Public Information Director regrets Facebook criticism of Indian descent conference

Almost two weeks after he made a Facebook post in which he questioned whether the Indian High Commission was interfering in Guyana’s internal affairs, Director of Public Information Imran Khan yesterday said that he regretted the “furore” his post created and admitted that it should have benefitted from “greater elegance or not have been made.” After public reprimand and criticisms coming from even within the government, Khan, who initially staunchly maintained that he voiced his concerns in his private capacity as a citizen, said in a recent post on the issue that he now appreciates how persons may have interpreted his views as being some way reflective of the office he holds.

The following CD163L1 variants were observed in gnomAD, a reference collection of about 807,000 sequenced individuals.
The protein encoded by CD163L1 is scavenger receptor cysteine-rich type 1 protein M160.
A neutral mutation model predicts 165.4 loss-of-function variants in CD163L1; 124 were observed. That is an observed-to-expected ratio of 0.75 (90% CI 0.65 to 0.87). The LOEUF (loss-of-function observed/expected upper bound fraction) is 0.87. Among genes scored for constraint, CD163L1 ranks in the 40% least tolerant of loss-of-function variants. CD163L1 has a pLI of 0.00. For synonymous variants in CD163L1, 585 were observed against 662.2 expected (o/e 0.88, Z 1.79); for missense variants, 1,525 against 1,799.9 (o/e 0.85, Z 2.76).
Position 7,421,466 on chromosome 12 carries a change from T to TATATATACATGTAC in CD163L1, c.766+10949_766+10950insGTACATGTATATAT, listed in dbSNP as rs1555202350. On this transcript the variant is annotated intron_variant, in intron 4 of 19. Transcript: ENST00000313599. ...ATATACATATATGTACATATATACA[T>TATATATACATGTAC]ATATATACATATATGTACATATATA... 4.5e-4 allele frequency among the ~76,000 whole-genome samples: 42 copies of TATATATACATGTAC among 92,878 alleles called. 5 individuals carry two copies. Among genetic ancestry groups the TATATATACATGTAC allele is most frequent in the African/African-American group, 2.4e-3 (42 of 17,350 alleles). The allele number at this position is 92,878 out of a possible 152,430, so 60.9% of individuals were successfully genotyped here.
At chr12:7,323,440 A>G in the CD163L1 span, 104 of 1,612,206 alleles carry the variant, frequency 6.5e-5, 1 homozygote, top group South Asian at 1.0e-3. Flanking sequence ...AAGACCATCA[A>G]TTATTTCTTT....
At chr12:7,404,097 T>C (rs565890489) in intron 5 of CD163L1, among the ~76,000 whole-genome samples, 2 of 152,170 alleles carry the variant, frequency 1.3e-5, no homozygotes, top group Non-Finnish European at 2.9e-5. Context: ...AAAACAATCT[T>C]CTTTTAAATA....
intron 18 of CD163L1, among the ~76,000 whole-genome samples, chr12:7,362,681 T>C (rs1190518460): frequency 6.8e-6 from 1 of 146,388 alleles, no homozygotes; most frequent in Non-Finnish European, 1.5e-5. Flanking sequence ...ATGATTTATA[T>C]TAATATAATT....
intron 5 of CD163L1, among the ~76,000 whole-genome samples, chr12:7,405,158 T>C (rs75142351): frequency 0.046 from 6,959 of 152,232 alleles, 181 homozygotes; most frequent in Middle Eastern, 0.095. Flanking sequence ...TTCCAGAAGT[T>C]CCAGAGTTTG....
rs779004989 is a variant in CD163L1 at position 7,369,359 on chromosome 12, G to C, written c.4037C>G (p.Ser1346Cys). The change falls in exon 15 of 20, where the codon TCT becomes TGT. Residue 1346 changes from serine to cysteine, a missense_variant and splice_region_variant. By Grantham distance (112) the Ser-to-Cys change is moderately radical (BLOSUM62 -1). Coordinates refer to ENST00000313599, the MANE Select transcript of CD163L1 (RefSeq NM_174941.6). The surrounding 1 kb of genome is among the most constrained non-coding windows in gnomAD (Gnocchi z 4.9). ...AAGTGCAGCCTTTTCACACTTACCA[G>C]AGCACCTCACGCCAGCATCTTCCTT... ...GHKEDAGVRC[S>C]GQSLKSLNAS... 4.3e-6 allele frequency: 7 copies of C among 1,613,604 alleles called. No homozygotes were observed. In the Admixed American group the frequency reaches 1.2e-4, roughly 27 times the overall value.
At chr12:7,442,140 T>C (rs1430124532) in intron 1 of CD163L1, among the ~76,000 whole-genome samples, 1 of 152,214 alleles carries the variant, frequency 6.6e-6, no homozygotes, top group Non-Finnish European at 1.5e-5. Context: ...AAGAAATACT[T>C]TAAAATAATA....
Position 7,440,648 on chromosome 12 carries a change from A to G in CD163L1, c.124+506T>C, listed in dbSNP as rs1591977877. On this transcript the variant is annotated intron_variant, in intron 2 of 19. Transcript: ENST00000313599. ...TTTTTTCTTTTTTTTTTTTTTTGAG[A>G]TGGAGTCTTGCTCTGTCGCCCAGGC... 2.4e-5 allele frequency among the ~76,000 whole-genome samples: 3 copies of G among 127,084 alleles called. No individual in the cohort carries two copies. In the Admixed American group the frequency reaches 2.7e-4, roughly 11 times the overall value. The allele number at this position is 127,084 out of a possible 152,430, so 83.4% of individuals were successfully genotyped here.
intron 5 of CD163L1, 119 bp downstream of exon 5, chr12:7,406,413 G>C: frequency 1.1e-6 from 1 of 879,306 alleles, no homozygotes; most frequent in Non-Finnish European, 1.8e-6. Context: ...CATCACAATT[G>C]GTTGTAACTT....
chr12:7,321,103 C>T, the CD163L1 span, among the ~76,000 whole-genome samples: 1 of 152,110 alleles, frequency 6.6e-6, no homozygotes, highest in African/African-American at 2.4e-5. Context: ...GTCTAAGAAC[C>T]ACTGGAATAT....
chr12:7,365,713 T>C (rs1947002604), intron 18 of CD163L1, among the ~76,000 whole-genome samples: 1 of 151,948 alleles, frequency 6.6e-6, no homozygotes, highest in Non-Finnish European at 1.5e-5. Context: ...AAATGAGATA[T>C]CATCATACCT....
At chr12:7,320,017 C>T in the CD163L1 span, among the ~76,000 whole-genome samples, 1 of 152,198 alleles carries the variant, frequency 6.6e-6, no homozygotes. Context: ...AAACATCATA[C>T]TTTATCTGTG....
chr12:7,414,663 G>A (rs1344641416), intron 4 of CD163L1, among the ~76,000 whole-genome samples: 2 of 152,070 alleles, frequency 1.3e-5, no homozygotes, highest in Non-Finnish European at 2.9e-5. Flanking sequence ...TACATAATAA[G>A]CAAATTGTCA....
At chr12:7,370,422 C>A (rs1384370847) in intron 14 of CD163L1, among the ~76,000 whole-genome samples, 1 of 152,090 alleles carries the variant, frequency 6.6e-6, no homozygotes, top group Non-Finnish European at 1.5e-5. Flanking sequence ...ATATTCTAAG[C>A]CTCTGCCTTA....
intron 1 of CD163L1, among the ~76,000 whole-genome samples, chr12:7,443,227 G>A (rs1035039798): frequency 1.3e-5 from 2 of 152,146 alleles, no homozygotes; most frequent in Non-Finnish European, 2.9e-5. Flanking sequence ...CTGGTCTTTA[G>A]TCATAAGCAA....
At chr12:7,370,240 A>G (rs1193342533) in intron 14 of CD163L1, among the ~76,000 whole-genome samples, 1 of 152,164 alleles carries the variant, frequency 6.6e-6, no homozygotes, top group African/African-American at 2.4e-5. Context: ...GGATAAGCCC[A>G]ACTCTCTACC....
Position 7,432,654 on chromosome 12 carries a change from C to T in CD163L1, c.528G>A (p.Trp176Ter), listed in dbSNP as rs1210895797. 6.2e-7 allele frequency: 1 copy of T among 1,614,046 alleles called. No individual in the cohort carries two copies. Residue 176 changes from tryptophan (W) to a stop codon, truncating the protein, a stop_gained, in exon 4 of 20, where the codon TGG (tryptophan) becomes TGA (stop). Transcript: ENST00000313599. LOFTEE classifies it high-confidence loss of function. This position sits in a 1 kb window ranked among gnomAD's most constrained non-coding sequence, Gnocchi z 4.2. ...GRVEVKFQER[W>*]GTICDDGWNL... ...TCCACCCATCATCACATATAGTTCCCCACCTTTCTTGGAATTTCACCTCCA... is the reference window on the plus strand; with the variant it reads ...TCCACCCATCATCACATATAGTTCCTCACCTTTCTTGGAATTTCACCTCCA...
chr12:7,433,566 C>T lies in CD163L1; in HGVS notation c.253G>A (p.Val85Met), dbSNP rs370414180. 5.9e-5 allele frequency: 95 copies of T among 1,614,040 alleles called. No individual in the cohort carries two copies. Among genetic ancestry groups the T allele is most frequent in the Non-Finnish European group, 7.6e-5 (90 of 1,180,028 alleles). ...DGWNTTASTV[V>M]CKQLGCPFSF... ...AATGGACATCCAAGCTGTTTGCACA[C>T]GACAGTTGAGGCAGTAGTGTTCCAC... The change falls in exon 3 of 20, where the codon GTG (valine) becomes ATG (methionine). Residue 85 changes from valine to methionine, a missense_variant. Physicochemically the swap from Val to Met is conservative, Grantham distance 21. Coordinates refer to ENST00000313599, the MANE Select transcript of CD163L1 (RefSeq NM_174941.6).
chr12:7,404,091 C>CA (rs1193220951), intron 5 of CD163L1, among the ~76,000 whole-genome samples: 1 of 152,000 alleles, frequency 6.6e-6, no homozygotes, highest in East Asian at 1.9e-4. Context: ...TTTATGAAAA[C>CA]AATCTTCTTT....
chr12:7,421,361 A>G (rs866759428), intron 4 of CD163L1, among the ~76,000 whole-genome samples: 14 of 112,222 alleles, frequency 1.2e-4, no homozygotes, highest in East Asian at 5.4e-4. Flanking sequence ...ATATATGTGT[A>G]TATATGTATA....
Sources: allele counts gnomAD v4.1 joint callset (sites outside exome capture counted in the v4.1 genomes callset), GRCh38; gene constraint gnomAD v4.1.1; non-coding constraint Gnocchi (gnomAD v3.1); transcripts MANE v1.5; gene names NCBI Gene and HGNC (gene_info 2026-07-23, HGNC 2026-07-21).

Mother says beheading victim is Port Kaituma miner

A young man seen in a recent viral video being brutally murdered in neighbouring Venezuela has been identified as a Port Kaituma miner.

By ,

Your browser is out-of-date!

Update your browser to view this website correctly.

We built stabroeknews.com using new technology. This makes our website faster, more feature rich and easier to use for 95% of our readers.
Unfortunately, your browser does not support some of these technologies. Click the button below and choose a modern browser to receive our intended user experience.

Update my browser now

×